Speech production: Adult

S. M. Barlow, S. Stumm

Research output: Chapter in Book/Report/Conference proceedingChapter

4 Scopus citations

Abstract

The adaptive performance anatomy subserving adult human speech represents an anatomically and neurophysiologically diverse collection of tissue-muscle subsystems capable of valving and channeling the breath stream at regulated pressure levels for speech production. Complex relations in the dynamics underlying movement exist between articulators during speech production. Traumatic injury or progressive disease to brain structures involved in the selection, sequencing, and activation of orofacial, pharyngeal, laryngeal, and chest wall muscles may degrade speech kinematics and reduce intelligibility. In this article, theoretical and methodological issues pertinent to the relation between brain and speech motor behavior are highlighted from studies which use functional neuroimaging and computational modeling.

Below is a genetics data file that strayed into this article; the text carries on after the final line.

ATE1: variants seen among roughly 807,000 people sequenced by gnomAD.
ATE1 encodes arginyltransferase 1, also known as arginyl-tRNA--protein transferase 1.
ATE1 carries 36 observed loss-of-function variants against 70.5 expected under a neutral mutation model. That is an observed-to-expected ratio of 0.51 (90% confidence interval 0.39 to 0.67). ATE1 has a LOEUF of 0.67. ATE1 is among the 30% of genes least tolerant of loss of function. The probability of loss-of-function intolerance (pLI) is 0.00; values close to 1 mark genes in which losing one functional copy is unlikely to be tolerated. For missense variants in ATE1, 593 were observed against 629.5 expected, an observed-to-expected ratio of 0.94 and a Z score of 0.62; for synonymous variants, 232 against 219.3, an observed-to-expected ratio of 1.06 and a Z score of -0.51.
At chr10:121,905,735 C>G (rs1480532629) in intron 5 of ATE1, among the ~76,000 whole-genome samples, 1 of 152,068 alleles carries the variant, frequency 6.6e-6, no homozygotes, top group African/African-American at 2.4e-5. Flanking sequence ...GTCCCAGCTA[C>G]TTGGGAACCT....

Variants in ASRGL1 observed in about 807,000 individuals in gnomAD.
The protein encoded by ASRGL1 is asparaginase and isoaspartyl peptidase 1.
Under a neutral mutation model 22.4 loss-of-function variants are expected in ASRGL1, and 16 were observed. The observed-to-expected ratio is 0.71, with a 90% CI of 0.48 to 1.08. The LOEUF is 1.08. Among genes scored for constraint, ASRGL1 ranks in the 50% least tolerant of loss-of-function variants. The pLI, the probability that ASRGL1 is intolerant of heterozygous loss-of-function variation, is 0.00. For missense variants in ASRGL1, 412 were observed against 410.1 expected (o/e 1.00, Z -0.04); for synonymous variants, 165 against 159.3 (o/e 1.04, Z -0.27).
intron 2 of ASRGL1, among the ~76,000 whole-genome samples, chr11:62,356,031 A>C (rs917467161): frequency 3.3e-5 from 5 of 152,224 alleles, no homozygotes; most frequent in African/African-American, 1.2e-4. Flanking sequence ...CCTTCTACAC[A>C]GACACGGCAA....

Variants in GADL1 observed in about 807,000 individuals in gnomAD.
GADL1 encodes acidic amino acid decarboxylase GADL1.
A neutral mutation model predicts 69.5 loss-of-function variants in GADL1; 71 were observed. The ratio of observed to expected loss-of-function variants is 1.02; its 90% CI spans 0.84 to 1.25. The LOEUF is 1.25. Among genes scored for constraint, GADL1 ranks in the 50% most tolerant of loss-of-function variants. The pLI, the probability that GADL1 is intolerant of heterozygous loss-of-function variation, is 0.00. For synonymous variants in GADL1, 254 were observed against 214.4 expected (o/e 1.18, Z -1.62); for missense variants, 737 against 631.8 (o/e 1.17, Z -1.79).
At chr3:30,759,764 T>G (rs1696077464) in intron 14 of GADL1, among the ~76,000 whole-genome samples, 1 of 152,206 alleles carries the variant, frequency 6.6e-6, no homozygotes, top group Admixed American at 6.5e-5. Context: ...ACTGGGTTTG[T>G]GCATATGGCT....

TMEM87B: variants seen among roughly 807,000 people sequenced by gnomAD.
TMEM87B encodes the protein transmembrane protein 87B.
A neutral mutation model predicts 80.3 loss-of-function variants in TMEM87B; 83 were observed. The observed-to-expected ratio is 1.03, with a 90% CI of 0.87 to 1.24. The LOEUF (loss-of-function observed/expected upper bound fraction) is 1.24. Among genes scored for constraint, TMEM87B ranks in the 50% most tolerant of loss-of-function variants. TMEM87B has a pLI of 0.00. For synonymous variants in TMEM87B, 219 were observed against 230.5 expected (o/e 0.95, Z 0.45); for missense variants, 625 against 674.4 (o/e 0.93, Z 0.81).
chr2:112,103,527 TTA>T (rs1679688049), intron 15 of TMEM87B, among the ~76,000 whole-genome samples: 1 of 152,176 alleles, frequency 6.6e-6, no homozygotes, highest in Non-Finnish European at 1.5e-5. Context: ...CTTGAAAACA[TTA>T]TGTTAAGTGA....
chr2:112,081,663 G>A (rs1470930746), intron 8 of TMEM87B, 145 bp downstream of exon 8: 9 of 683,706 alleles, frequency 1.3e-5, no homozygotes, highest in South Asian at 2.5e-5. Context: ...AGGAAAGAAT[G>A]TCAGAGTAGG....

Original languageEnglish (US)
Title of host publicationEncyclopedia of Neuroscience
PublisherElsevier Ltd
Pages247-254
Number of pages8
ISBN (Print)9780080450469
DOIs
StatePublished - Jan 1 2009

    Fingerprint

Keywords

  • Coordination
  • Functional neuroimaging
  • Phonetics and articulation
  • Speech motor control
  • Speech physiology
  • Stiffness
  • Velocity scaling
  • Vocal tract

ASJC Scopus subject areas

  • Neuroscience(all)

Cite this

Barlow, S. M., & Stumm, S. (2009). Speech production: Adult. In Encyclopedia of Neuroscience (pp. 247-254). Elsevier Ltd. https://doi.org/10.1016/B978-008045046-9.01891-X